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  14. Hans-Dirk van Hoogstraten (2001). Deep Economy: Caring for Ecology, Humanity, and Religion. James Clarke & Co..score: 116.3
    A wide-ranging analysis of the economic world order and its ecological and theological dimensions, this unique and challenging work confronts us with the ...
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  15. Flor Ángela Tobón & López Giraldo (2013). Psychosocial accompaniment from human ecology toyoung marginalized people to prevent drug dependence. Humanidades Médicas 13 (2):348-371.score: 112.0
    Introducción: Se presenta un análisis cualitativo del acompañamiento psicosocial a jóvenes en condiciones de vulnerabilidad desde la ecología humana durante 12 meses entre 2010 a 2011; utilizando técnicas pedagógicas evaluativas participativas. Éstas, son una alternativa para crear espacios reflexivos con el propósito de potenciar la resiliencia en las relaciones comunicativas y formar en el respeto. Objetivo: Generar bienestar, prevenir la farmacodependencia y contribuir a la promoción de la salud. Material y Métodos: Se revisaron los antecedentes temáticos, fueron seleccionados 100 estudiantes (...)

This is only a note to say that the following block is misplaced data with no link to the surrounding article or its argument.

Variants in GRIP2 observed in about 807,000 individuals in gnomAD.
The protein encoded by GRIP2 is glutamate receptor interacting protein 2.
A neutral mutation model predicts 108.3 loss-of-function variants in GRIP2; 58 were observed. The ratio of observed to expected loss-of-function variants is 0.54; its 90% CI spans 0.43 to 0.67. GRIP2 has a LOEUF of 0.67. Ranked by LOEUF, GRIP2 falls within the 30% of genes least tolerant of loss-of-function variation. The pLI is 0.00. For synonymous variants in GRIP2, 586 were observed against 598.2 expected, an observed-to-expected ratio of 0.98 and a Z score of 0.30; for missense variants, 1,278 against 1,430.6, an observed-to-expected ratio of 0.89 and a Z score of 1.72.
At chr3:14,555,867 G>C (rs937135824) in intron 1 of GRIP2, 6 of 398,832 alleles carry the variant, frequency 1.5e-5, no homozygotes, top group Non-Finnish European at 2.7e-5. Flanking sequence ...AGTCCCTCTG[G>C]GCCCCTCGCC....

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  16. S. Boyden (1993). Human Ecology and Biohistory: Conceptual Approaches to Understanding Human Situation in the Biosphere. In Dieter Steiner & Markus Nauser (eds.), Human Ecology: Fragments of Anti-Fragmentary Views of the World. Routledge.score: 112.0
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  17. Roderick J. Lawrence (1993). Can Human Ecology Provide an Integrative Framework? The Contribution of Structuration Theory to Contemporary Debate. In Dieter Steiner & Markus Nauser (eds.), Human Ecology: Fragments of Anti-Fragmentary Views of the World. Routledge. 213--228.score: 112.0